- Provide opportunities to learn, grow and make mistakes.
- Be pro-active in conflict resolution.
- Have regard, support and be conscience of the communities in which we operate.
- A deliberate resolve to focus on investing in cropping land locally, after considering three different regions, resulting in a 260% increase in land equity over the last ten years.
- A rearrangement of the farm ownership and business structures that gives all participants a clear understanding of their personal position within the farm at any particular time.
- There are many other issues that have been dealt with including the value of farm storage versus GrainCorp, owning versus contracting machinery, sheep feed-lotting, other agricultural investment opportunities and internal land ownership adjustments.
- November (before harvest) — review and preliminary planning for new season of paddock by paddock performance.
- Early January — formal production planning meeting with agronomists and partners.
- Late January — first of four advisory board meetings:
- Financial performance review.
- Sign off of previous year’s financial accounts.
- Agree on distribution of profits from previous financial year, if available.
- Preliminary budget of new production year (March to February).
- Review of debt and investment approach for coming year.
- Grain marketing and weather forecast.
- January/February/March — paddock and plant preparation for new season:
- Paddock renovation, gypsum cartage, etc.
- April — second of four advisory board meetings:
- Sign off on new season budget.
- Review of safety procedures.
- Guest speaker timeslot — looking to learn from others experiences:
- Typically other businesses talking about their issues and how they are tackled.
- Other policy development and review.
- Benchmarking performance review.
- April — commencement of cropping program (allowing up to six weeks).
- June — tax planning, in-crop monitoring and management (through to harvest).
- July — third of four advisory board meetings:
- Similar to other meetings.
- October — last of four advisory board meetings:
- Harvest preview along with previous meeting agenda.
- November — commence harvest (allow six weeks).
Figure 1. Reward according to contribution to the business.
The business entity, Templemore Partners, is a partnership of individual family discretionary trusts. This entity pays commercial salaries to operators, rent to landlords and profit to entity owners.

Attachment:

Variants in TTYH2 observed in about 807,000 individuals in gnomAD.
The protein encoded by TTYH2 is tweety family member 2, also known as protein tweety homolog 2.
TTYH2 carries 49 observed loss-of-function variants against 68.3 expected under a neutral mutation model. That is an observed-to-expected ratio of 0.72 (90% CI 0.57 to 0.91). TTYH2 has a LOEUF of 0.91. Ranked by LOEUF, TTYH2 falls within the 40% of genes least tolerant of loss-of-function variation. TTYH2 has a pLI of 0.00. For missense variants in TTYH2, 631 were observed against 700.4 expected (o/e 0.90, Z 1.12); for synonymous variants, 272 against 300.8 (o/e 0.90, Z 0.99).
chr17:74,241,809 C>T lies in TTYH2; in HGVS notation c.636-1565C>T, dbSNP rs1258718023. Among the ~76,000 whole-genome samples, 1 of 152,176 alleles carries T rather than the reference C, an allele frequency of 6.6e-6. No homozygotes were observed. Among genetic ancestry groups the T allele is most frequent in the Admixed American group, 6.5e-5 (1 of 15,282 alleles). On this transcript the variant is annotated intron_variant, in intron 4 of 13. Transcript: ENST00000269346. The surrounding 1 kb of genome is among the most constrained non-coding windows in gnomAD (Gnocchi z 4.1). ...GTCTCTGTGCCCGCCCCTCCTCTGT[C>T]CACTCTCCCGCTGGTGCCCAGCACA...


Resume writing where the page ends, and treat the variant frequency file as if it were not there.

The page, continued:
These people in many, but not necessarily all cases, may be the same people.
There is a formal partnership agreement (deed of partnership) in place that is supported by an operational agreement. The operational agreement is an appendix of the partnership agreement. The partnership agreement is reviewed infrequently; usually when a change in partner status occurs. In contrast, the operational agreement is a 13 page document and is reviewed annually. Within the operational agreement there are statements that include, but not limited to:
Other sections include individual needs and aspirations and their implications on the business, business values and relationship principles, and farm business performance objectives.
The farm has a clear set of values that are recorded and placed in a publicly visible location in the office.
Values and relationships
Throughout all processes of progression, productive and constructive relationships must be maintained. To achieve this, open, written ground rules are required. These ground rules are important to resolve conflicts and make judgements about which behavioural matters are acceptable or unacceptable.
All family members agreed that they want to treat and be treated by others in the group:
They also want to:
The farm board
On reflection, over many years, planning has been at the forefront of the way business has been done at Templemore. In 2008 we formalised some of this when we established a farm advisory board. The board comprises of all family members and three independents with finance, production and strategic management experiences. Its charter is to act as though it has a governance role (even though advisory in nature) and to focus on the areas of strategy, finance and governance of the farm business. One of the independent members chairs these meetings.